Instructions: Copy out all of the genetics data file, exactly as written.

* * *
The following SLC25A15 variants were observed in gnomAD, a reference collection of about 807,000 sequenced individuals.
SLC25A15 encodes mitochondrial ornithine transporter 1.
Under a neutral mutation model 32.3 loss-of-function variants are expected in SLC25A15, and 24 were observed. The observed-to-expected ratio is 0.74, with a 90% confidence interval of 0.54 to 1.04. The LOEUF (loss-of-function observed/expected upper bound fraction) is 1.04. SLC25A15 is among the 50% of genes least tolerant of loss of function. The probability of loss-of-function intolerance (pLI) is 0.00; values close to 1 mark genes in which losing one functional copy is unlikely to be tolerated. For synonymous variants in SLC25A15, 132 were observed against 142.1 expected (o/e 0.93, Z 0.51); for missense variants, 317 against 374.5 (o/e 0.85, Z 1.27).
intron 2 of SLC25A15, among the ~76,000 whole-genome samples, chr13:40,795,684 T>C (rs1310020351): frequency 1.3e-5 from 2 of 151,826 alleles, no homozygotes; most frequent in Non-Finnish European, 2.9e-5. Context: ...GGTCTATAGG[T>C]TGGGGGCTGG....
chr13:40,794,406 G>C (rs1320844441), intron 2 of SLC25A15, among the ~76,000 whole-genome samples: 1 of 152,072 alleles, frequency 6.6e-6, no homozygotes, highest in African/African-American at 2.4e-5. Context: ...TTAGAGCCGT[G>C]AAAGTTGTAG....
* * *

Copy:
The following SLC25A15 variants were observed in gnomAD, a reference collection of about 807,000 sequenced individuals.
SLC25A15 encodes mitochondrial ornithine transporter 1.
Under a neutral mutation model 32.3 loss-of-function variants are expected in SLC25A15, and 24 were observed. The observed-to-expected ratio is 0.74, with a 90% confidence interval of 0.54 to 1.04. The LOEUF (loss-of-function observed/expected upper bound fraction) is 1.04. SLC25A15 is among the 50% of genes least tolerant of loss of function. The probability of loss-of-function intolerance (pLI) is 0.00; values close to 1 mark genes in which losing one functional copy is unlikely to be tolerated. For synonymous variants in SLC25A15, 132 were observed against 142.1 expected (o/e 0.93, Z 0.51); for missense variants, 317 against 374.5 (o/e 0.85, Z 1.27).
intron 2 of SLC25A15, among the ~76,000 whole-genome samples, chr13:40,795,684 T>C (rs1310020351): frequency 1.3e-5 from 2 of 151,826 alleles, no homozygotes; most frequent in Non-Finnish European, 2.9e-5. Context: ...GGTCTATAGG[T>C]TGGGGGCTGG....
chr13:40,794,406 G>C (rs1320844441), intron 2 of SLC25A15, among the ~76,000 whole-genome samples: 1 of 152,072 alleles, frequency 6.6e-6, no homozygotes, highest in African/African-American at 2.4e-5. Context: ...TTAGAGCCGT[G>C]AAAGTTGTAG....